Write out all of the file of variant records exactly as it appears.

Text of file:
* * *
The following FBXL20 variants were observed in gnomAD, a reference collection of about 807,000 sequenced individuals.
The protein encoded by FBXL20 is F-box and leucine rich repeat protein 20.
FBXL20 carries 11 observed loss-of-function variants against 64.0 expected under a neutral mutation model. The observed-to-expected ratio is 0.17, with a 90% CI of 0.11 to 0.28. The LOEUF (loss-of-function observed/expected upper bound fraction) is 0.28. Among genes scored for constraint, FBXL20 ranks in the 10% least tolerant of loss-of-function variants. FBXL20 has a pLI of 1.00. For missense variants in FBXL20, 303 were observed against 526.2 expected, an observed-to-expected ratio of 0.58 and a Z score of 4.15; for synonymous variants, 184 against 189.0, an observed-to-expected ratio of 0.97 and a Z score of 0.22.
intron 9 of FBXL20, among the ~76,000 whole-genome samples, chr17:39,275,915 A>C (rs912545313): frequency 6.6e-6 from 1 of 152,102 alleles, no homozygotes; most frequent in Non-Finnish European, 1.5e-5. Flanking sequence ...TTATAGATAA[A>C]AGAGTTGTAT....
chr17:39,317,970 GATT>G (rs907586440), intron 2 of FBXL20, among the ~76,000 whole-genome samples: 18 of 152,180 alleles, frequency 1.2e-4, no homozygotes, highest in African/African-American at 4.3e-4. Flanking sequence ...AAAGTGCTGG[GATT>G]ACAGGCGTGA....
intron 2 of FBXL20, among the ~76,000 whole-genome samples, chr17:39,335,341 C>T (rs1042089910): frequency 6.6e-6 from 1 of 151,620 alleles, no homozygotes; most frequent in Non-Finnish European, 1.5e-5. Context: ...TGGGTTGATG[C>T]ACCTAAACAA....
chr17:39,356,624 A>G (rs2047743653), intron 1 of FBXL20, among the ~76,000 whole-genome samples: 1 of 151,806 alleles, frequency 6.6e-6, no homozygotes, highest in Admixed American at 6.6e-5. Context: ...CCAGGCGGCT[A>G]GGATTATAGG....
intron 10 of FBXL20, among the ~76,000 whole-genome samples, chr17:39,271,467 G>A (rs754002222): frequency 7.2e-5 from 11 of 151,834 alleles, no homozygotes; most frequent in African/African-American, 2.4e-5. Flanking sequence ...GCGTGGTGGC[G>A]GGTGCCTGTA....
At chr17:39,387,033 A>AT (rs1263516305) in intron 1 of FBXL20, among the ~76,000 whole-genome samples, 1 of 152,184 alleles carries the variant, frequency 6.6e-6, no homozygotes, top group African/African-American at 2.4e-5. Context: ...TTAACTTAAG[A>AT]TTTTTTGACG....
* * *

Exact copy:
The following FBXL20 variants were observed in gnomAD, a reference collection of about 807,000 sequenced individuals.
The protein encoded by FBXL20 is F-box and leucine rich repeat protein 20.
FBXL20 carries 11 observed loss-of-function variants against 64.0 expected under a neutral mutation model. The observed-to-expected ratio is 0.17, with a 90% CI of 0.11 to 0.28. The LOEUF (loss-of-function observed/expected upper bound fraction) is 0.28. Among genes scored for constraint, FBXL20 ranks in the 10% least tolerant of loss-of-function variants. FBXL20 has a pLI of 1.00. For missense variants in FBXL20, 303 were observed against 526.2 expected, an observed-to-expected ratio of 0.58 and a Z score of 4.15; for synonymous variants, 184 against 189.0, an observed-to-expected ratio of 0.97 and a Z score of 0.22.
intron 9 of FBXL20, among the ~76,000 whole-genome samples, chr17:39,275,915 A>C (rs912545313): frequency 6.6e-6 from 1 of 152,102 alleles, no homozygotes; most frequent in Non-Finnish European, 1.5e-5. Flanking sequence ...TTATAGATAA[A>C]AGAGTTGTAT....
chr17:39,317,970 GATT>G (rs907586440), intron 2 of FBXL20, among the ~76,000 whole-genome samples: 18 of 152,180 alleles, frequency 1.2e-4, no homozygotes, highest in African/African-American at 4.3e-4. Flanking sequence ...AAAGTGCTGG[GATT>G]ACAGGCGTGA....
intron 2 of FBXL20, among the ~76,000 whole-genome samples, chr17:39,335,341 C>T (rs1042089910): frequency 6.6e-6 from 1 of 151,620 alleles, no homozygotes; most frequent in Non-Finnish European, 1.5e-5. Context: ...TGGGTTGATG[C>T]ACCTAAACAA....
chr17:39,356,624 A>G (rs2047743653), intron 1 of FBXL20, among the ~76,000 whole-genome samples: 1 of 151,806 alleles, frequency 6.6e-6, no homozygotes, highest in Admixed American at 6.6e-5. Context: ...CCAGGCGGCT[A>G]GGATTATAGG....
intron 10 of FBXL20, among the ~76,000 whole-genome samples, chr17:39,271,467 G>A (rs754002222): frequency 7.2e-5 from 11 of 151,834 alleles, no homozygotes; most frequent in African/African-American, 2.4e-5. Flanking sequence ...GCGTGGTGGC[G>A]GGTGCCTGTA....
At chr17:39,387,033 A>AT (rs1263516305) in intron 1 of FBXL20, among the ~76,000 whole-genome samples, 1 of 152,184 alleles carries the variant, frequency 6.6e-6, no homozygotes, top group African/African-American at 2.4e-5. Context: ...TTAACTTAAG[A>AT]TTTTTTGACG....